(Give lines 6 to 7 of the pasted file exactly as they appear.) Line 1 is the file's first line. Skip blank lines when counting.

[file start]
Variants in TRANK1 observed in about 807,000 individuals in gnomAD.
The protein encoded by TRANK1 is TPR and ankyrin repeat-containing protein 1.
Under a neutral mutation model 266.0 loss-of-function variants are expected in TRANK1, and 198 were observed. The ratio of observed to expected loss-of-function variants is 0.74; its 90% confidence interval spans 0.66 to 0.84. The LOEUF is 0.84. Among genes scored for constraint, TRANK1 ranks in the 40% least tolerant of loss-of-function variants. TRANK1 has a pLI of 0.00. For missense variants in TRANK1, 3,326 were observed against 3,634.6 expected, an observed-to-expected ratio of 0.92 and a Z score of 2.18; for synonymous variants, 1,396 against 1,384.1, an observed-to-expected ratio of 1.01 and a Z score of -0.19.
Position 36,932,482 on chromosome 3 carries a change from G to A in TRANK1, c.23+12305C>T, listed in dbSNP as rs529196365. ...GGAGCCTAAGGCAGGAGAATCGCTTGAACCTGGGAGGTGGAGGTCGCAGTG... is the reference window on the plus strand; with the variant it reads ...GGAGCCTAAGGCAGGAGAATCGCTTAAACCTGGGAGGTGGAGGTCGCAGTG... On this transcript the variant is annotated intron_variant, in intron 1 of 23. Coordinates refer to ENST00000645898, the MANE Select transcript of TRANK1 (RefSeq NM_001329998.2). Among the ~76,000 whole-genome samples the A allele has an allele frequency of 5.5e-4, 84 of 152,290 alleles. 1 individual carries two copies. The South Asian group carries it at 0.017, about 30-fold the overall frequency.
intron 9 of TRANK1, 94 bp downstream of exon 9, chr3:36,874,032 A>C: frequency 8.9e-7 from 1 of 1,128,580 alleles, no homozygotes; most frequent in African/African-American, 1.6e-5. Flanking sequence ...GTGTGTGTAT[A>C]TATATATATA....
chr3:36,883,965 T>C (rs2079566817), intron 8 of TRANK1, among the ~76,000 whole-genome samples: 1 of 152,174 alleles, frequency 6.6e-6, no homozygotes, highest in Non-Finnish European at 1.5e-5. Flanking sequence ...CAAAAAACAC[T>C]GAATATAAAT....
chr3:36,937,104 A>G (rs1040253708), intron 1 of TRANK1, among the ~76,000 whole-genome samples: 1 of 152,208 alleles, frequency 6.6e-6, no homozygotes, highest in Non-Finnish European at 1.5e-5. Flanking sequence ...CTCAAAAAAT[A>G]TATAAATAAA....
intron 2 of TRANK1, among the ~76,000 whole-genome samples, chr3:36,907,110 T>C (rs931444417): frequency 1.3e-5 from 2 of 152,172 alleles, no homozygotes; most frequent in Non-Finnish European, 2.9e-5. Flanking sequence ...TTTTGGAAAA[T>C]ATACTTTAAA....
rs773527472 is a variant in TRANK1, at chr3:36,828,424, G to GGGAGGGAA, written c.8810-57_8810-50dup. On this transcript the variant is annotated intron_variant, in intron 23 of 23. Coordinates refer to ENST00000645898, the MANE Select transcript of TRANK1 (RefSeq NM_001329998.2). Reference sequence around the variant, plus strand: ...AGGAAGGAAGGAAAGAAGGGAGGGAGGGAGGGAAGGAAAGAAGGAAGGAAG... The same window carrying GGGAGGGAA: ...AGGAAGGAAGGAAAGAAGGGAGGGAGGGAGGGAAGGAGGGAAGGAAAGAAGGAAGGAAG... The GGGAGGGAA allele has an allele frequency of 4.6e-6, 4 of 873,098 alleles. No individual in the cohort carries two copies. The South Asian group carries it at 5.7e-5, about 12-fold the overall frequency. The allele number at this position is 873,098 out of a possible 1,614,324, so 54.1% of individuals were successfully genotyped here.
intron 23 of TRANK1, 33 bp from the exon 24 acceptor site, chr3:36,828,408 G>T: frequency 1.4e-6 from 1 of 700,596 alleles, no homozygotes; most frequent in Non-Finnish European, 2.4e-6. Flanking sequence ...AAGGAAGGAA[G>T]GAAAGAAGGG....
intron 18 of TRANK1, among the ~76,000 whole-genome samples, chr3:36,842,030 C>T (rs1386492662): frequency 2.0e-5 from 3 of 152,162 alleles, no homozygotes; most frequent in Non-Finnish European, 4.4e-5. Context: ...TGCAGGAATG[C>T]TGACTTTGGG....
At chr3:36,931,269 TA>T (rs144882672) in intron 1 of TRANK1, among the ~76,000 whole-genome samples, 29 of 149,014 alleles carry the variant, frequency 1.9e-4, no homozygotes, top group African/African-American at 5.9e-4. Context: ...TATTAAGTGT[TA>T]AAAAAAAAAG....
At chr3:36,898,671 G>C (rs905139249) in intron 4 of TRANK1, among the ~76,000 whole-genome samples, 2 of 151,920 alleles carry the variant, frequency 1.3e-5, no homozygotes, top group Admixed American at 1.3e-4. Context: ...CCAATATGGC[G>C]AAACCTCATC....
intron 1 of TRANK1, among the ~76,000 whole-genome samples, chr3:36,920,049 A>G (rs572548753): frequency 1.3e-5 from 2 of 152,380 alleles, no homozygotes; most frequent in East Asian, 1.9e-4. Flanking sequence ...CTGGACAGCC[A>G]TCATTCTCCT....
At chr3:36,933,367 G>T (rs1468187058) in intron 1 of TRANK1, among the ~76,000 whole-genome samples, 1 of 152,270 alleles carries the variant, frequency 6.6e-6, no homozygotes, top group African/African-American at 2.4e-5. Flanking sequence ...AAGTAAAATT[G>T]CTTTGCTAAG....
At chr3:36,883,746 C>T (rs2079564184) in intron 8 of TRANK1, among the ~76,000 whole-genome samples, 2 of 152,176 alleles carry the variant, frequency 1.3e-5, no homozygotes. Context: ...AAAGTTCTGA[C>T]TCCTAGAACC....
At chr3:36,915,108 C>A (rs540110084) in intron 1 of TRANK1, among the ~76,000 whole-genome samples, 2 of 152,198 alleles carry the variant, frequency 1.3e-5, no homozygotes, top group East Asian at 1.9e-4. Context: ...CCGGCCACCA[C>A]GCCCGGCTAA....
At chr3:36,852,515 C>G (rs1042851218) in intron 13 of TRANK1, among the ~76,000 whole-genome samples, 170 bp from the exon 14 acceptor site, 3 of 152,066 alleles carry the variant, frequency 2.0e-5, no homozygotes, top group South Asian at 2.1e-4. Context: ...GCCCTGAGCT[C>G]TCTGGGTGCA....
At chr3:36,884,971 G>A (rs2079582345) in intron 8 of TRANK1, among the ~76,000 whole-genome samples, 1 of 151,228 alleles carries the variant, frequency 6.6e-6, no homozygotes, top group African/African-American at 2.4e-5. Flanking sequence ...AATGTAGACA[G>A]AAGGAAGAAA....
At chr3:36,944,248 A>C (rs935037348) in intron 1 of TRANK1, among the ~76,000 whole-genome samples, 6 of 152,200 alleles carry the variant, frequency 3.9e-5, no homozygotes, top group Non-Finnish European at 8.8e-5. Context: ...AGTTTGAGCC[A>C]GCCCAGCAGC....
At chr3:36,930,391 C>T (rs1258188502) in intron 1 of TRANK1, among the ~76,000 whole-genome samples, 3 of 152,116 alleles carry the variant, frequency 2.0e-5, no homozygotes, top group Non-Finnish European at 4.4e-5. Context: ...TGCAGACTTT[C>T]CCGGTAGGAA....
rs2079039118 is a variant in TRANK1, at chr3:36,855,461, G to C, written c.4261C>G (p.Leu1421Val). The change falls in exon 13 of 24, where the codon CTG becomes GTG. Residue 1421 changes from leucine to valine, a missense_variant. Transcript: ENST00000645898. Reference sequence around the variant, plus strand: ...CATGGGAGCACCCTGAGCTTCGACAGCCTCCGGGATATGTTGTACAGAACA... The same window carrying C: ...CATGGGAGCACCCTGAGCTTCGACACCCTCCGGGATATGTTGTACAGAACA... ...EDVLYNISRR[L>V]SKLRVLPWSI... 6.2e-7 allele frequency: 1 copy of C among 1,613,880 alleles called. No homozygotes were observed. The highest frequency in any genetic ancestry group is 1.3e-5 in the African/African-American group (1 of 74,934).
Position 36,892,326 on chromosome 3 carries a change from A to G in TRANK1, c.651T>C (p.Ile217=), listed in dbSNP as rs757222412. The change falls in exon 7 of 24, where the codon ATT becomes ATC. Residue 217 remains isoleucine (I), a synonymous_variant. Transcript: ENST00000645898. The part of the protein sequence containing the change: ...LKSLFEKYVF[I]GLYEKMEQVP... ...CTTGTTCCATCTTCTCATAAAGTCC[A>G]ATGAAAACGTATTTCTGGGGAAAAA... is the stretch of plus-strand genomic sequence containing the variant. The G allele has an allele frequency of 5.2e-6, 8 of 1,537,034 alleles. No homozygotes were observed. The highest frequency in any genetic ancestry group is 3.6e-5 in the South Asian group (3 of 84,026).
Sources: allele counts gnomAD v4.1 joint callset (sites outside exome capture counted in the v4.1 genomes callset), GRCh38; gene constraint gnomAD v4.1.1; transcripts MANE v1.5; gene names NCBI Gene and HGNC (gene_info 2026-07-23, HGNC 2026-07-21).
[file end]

chr3:36,883,965 T>C (rs2079566817), intron 8 of TRANK1, among the ~76,000 whole-genome samples: 1 of 152,174 alleles, frequency 6.6e-6, no homozygotes, highest in Non-Finnish European at 1.5e-5. Flanking sequence ...CAAAAAACAC[T>C]GAATATAAAT....
chr3:36,937,104 A>G (rs1040253708), intron 1 of TRANK1, among the ~76,000 whole-genome samples: 1 of 152,208 alleles, frequency 6.6e-6, no homozygotes, highest in Non-Finnish European at 1.5e-5. Flanking sequence ...CTCAAAAAAT[A>G]TATAAATAAA....